March 24, 2014 (JUBA) – Disabled soldiers from the South Sudanese army (SPLA) wounded during the recent outbreak of violence in the country staged a protest in the capital, Juba, on Monday, over delays in the payment of their salaries.
- Protesting soldiers seen at the University of Juba junction on 24 March 2014 (ST)
Protesters blocked traffic at the University of Juba junction, setting up roadblocks and throwing stones at passing cars.
Soldiers who spoke to Sudan Tribune said they were protesting over the government’s failure to address a number of issues affecting military personnel, including delays in salary payments.
Soldiers have complained about delays in salary payments and the omission of names on the payroll.
One soldier, who now uses a walking stick to keep himself upright, told Sudan Tribune that he had not been paid for four months.
“The rebels wounded us and these people (government authorities) don’t want to pay our salaries,” he said on condition of anonymity.
Captain Dut Wal, who is one of those affected, told Sudan Tribune on Monday that authorities had not yet responded to any of the demands made by soldiers or taken action to address payment issues.
He said it was unfortunate that the government appeared not to appreciate the contribution of armed forces to the defence of the country.
“This is a peaceful demonstration. The essence of it is to draw the attention of the government so that some of the issues we have raised through [the] administrative chain of command and have not until now been addressed are brought to the attention of the senior leadership,” he said.
SOLDIERS LEFT OFF PAYROLL
Sergeant Major Abui Samson said he was left “speechless and angry” after learning his name was not listed on the army payroll despite being wounded in active combat.
“Actually I realised I made a wrong choice and grave mistake in joining the army. I thought I was responding to the national call to defend our country, hoping that the leadership would also look after me and the family,” Samson told Sudan Tribune.
“I want the public to tell me whether I and some of my colleagues have [made] a mistake in joining the army. I also want to the public to tell us whether we have [done] anything wrong to ask for payment. And whether it is right to omit the name of someone in hospital bed still recovering from wound like you can you?” he added.
SPLA spokesperson Col. Philip Aguer has admitted that some have not received their January salaries.
He said the issue arose after soldiers wounded in conflict zones were transferred to the capital for treatment as there is no automatic system set up to transfer money to hospital.
“The SPLA general headquarters is working on this issue and it will be resolved quickly,” Aguer said without providing a specific date.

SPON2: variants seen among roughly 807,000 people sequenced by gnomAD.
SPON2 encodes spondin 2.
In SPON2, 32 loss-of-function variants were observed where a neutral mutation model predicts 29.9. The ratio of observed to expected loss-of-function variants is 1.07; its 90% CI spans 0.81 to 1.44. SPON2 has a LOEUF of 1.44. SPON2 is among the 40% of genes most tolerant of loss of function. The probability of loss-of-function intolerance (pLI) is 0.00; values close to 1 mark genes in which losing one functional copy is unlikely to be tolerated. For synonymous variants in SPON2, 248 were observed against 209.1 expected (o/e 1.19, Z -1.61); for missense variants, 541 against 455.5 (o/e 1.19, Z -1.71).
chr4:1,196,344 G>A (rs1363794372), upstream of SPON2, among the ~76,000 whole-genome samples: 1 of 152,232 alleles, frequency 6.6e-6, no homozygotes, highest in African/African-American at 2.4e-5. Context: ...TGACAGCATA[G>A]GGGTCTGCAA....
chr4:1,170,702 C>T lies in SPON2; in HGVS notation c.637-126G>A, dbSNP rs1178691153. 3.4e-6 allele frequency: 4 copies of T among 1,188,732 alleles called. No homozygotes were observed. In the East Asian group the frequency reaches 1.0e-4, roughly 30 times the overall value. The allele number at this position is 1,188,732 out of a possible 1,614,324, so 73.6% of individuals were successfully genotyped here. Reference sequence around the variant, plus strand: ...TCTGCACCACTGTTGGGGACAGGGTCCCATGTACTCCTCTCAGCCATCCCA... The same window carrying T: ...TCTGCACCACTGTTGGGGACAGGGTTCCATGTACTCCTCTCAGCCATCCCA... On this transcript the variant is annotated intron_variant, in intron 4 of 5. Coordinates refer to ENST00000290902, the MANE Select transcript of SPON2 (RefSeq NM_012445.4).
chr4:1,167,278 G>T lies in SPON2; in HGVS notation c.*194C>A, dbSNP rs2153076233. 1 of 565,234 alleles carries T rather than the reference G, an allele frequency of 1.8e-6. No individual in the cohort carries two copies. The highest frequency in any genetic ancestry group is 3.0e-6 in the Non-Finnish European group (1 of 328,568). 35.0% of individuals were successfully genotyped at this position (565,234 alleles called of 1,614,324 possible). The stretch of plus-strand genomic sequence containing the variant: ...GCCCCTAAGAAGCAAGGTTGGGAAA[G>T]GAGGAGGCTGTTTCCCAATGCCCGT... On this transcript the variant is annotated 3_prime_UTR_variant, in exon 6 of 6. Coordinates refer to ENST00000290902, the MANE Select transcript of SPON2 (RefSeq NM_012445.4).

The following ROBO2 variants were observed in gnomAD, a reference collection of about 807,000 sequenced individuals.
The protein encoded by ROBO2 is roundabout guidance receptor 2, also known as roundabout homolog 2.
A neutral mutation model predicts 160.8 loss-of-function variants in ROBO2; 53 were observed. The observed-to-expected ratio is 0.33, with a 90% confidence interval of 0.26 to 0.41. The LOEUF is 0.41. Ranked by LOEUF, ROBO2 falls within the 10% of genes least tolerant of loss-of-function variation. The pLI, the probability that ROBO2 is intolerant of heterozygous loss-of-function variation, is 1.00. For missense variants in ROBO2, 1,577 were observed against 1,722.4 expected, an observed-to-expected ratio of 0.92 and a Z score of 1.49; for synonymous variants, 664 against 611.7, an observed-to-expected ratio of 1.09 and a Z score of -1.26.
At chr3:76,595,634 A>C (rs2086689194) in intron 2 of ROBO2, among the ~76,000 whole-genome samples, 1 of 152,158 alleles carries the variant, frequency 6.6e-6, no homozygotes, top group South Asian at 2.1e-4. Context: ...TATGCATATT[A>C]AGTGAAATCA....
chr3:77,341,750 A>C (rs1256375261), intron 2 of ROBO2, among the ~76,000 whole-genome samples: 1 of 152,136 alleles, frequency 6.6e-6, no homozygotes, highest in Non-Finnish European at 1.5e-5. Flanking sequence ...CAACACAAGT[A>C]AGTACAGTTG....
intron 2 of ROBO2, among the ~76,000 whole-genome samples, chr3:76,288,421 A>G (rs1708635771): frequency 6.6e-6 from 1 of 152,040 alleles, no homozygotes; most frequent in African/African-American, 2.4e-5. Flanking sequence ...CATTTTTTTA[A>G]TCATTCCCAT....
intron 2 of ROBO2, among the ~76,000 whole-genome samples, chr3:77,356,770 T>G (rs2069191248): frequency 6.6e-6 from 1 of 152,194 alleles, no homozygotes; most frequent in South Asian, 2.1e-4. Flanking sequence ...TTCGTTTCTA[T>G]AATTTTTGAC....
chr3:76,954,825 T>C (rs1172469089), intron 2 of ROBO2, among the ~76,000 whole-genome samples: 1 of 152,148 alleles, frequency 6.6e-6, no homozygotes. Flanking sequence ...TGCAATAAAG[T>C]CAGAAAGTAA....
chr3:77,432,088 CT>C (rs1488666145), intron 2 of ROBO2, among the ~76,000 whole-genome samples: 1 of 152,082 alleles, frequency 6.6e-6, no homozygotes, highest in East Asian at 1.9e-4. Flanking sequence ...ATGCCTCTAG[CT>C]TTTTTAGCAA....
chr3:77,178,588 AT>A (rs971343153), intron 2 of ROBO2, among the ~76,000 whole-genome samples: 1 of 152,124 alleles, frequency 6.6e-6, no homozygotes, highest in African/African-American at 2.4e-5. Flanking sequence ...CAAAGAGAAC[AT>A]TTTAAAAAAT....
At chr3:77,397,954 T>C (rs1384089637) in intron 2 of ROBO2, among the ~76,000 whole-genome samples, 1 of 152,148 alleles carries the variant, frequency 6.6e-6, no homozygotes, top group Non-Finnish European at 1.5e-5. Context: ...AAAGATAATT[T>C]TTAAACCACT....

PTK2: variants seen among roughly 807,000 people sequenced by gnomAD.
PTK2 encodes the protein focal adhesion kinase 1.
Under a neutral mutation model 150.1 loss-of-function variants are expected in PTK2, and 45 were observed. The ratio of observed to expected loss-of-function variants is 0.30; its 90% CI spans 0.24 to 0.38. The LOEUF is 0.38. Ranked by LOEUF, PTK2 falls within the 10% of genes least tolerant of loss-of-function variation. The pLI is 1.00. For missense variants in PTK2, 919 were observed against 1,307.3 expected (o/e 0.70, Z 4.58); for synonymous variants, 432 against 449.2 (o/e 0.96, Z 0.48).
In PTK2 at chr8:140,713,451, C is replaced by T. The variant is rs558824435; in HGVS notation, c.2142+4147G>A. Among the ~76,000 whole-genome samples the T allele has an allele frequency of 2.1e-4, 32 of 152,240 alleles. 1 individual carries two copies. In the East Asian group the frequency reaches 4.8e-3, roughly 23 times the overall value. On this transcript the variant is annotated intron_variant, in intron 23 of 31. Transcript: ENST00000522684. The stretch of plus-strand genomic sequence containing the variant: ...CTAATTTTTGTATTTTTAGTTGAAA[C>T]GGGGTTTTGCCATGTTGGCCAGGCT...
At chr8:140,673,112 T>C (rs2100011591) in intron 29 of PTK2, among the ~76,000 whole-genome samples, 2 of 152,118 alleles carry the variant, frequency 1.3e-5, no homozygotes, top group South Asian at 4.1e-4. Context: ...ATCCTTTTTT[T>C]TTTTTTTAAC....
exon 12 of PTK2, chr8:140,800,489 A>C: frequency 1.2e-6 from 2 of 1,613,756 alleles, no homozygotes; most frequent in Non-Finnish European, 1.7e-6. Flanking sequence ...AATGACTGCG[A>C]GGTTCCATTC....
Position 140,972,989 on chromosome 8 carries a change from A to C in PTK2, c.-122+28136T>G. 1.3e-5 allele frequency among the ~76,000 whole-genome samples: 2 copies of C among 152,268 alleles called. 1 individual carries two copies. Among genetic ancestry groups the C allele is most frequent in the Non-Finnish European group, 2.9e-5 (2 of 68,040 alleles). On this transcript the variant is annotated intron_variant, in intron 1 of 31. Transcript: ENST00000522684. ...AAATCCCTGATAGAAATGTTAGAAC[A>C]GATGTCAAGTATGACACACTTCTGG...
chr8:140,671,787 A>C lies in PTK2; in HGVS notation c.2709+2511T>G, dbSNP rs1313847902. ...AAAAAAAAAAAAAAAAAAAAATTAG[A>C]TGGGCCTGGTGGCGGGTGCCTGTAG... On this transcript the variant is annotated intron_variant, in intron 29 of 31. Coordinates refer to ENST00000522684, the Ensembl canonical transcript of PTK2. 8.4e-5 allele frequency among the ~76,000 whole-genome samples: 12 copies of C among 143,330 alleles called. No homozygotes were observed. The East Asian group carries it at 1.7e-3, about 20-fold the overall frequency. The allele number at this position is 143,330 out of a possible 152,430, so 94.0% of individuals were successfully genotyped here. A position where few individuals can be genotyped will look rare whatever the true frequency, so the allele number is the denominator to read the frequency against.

Cabinet affairs minister Martin Elia Lomuro said the government was working to address the “administrative” issue with “care and respect”.
“The leadership is handling it with care and respect. The situation has now been brought under control,” Lomuro told reporters on Monday.
The finance minister said his ministry had offered solutions for the issues raised by the soldiers, but did not elaborate further on how the matter would be resolved.
Wal, however, accused the government of “sitting on the issue”.
“Some of our colleagues are regretting and angered by behaviour of some government officials. If you cannot solve the issue brought to you, then why don’t push it ahead to someone who would handle it or forward it to the next level,” he said.
The protest remained peaceful throughout, with soldiers later retreating to their hospital beds.
This is not the first time soldiers have gone on strike over unpaid salaries, with similar action also taken in March 2009.
At least 60 soldiers were killed earlier this month after fighting erupted at Juba’s Geida military barracks following a dispute over salary payments.
Heavy gunfire erupted inside the barracks on the morning of 5 March while salaries were in the process of being paid, sparking widespread panic among city residents already jittery from mid-December clashes which erupted at the same facility between rival factions of the presidential guards.
It is undersood the incident occurred after some soldiers attempted to collect the salaries on behalf of some of their colleagues who were not listed on the payroll, but this was refused as government employees are now required to collect payments in person. The measures were implemented under a government directive to ensure wages are not paid to so-called “ghost” workers or those who do not show up during the payment period.